Calms down your immune system. Humira (Adalimumab) is very effective at calming down your immune system, but it's expensive, you have to take into account the hassle of injections and traveling with the medication.
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Humira (Adalimumab) is a biologic response modifier. It works in the immune system to block a protein called TNF (tumor necrosis factor). Blocking TNF relieves symptoms and prevents disease progression.
› Humira (Adalimumab) can increase your risk of serious or life-threatening bacterial, fungal and viral infections. In some cases infections can be reactivated from an inactive virus in your body like tuberculosis (TB) or hepatitis B virus (HBV). You may need to take medicine for TB before you can begin taking Humira (Adalimumab). If you develop symptoms of cough, fever, chills, muscle aches, feel very tired, or you notice dark urine, yellowing of skin/eyes, appetite/weight loss, vomiting, change in stool color, stomach discomfort, and skin rash, tell your doctor and get medical care right away.
Upsides and benefits
› Treats certain types of arthritis and gastrointestinal conditions caused by an overactive immune system.
› Most people feel it's worth the hassle.
› Once you've learned the correct way to use Humira, you can inject the medicine yourself without going to your doctor's office.
› It's available in a single-use pen (Humira Pen) that may be more convenient and easier for some people to use.
› It's an alternative for people with Crohn's disease who stopped getting better on other TNF-blockers or had side effects that made them switch.
Downsides and risks
› It's an injection.
› It's expensive because there's no generic available yet.
› Humira lowers your ability to fight infection and can cause serious life-threatening illness. The risk is greater if you take other drugs that lower your immune system, have an active infection, diabetes, or had tuberculosis (TB) in the past.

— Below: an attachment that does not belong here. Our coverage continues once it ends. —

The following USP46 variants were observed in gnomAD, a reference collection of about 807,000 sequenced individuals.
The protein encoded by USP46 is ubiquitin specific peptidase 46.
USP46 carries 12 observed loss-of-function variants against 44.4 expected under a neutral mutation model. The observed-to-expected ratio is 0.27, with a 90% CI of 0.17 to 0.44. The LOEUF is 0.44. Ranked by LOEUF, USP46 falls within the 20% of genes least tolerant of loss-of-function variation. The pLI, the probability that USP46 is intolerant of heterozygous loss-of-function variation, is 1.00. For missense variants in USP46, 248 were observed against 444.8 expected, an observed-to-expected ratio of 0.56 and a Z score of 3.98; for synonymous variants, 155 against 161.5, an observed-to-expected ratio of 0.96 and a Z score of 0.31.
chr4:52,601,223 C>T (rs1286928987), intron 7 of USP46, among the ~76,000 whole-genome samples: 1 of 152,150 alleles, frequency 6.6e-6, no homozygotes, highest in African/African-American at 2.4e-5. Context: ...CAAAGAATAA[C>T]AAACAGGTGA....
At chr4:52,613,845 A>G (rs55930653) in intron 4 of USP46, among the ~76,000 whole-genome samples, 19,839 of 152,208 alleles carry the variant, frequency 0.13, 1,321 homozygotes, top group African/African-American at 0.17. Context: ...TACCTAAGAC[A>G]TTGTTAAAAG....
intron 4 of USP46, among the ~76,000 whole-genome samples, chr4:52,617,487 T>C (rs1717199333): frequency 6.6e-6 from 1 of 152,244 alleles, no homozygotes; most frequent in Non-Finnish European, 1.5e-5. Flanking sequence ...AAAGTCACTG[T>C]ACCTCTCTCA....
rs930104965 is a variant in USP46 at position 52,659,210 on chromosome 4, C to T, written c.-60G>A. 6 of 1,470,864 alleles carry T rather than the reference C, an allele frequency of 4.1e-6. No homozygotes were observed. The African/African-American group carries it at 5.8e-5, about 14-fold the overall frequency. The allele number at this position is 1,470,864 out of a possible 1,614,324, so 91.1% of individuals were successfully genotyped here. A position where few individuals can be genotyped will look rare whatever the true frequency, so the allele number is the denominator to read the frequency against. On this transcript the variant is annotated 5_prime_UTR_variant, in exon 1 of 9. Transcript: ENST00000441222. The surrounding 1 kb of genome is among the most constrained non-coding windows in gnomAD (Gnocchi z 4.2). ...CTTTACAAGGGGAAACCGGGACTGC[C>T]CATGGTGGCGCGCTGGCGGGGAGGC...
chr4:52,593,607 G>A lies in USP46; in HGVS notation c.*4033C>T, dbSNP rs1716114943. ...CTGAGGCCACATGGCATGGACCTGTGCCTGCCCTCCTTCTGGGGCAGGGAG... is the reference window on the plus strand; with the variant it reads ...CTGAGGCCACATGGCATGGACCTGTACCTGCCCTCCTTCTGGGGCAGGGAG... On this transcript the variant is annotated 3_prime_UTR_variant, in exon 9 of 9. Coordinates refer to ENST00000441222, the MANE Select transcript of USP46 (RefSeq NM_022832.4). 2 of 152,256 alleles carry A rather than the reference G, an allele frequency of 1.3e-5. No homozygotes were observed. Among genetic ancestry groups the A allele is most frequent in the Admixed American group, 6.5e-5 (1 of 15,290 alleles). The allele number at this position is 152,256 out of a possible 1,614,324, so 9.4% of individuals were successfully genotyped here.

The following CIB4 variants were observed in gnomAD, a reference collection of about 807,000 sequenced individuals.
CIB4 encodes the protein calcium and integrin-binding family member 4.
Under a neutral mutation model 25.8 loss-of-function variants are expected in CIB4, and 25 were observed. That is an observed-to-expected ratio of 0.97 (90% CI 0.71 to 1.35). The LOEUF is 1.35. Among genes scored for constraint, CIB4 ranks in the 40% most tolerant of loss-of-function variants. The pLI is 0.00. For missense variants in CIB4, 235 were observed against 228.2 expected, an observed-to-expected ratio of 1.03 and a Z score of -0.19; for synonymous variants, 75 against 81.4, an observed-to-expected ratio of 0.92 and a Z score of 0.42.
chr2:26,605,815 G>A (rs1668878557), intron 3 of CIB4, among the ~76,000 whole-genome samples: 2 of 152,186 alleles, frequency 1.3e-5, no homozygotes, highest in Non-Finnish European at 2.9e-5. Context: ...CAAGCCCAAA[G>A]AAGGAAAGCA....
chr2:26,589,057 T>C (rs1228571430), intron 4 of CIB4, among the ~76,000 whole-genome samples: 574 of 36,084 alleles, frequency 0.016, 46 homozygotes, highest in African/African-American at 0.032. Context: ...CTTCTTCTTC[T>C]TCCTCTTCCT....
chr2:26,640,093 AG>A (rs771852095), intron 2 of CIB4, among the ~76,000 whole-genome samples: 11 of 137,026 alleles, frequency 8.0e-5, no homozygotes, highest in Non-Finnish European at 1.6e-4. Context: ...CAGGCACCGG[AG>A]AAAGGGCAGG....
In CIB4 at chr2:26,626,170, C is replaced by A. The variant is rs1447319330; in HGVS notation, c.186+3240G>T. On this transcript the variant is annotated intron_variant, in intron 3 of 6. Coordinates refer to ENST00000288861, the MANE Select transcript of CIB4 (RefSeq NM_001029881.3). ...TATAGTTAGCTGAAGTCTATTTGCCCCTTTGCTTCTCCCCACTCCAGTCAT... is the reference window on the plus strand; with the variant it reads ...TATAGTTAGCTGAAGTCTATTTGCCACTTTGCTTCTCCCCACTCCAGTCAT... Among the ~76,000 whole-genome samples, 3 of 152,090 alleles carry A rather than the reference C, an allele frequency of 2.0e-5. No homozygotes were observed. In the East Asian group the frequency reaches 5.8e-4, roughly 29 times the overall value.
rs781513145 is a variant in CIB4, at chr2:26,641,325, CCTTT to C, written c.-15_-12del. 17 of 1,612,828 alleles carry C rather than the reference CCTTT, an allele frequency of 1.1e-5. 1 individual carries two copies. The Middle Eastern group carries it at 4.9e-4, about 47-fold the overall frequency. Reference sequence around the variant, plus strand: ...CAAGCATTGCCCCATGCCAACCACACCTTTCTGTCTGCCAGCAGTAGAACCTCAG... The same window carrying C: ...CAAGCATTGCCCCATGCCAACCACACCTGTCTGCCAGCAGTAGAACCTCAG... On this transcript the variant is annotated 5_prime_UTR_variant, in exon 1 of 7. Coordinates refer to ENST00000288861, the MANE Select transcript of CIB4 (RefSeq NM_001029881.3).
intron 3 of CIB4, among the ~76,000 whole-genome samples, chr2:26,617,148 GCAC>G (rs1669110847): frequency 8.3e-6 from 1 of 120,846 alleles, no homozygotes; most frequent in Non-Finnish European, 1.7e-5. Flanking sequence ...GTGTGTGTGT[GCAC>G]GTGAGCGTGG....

› You're first dose of Humira will need to be given at your doctor's office. If you decide not to self-inject and don't have someone to do it for you, you'll need to continue to see your doctor for each dose.
› You'll need to properly dispose of the needle, syringes, or Pen in a special (FDA-approved) sharps container.
› Because it needs to be refrigerated until you use it, if you're traveling, you'll need to carry it in a cooler with an ice pack.
Tips from our pharmacists for people taking the medication
› Humira (Adalimumab) is a medication that's injected under the skin (subcutaneous). Your doctor can give you your first dose, then let you self-inject it once so you learn how to do it correctly.
› Humira (Adalimumab) lowers the your immune system's ability to fight infections, so it's important to let your doctor know if you come down with a fever, cough, or notice flu-like symptoms.
› You'll need to have a TB test before you start using Humira (Adalimumab).
› Tell your doctor if you have an allergy to latex since the syringe needle cover has latex in it.
› Don't inject Humira (Adalimumab) into skin that's red, bruised, or irritated. Rotate your injection areas to avoid skin reactions.
› As with all injection medicines, store away from children and throw used syringes away in a protective container, and not in the trash.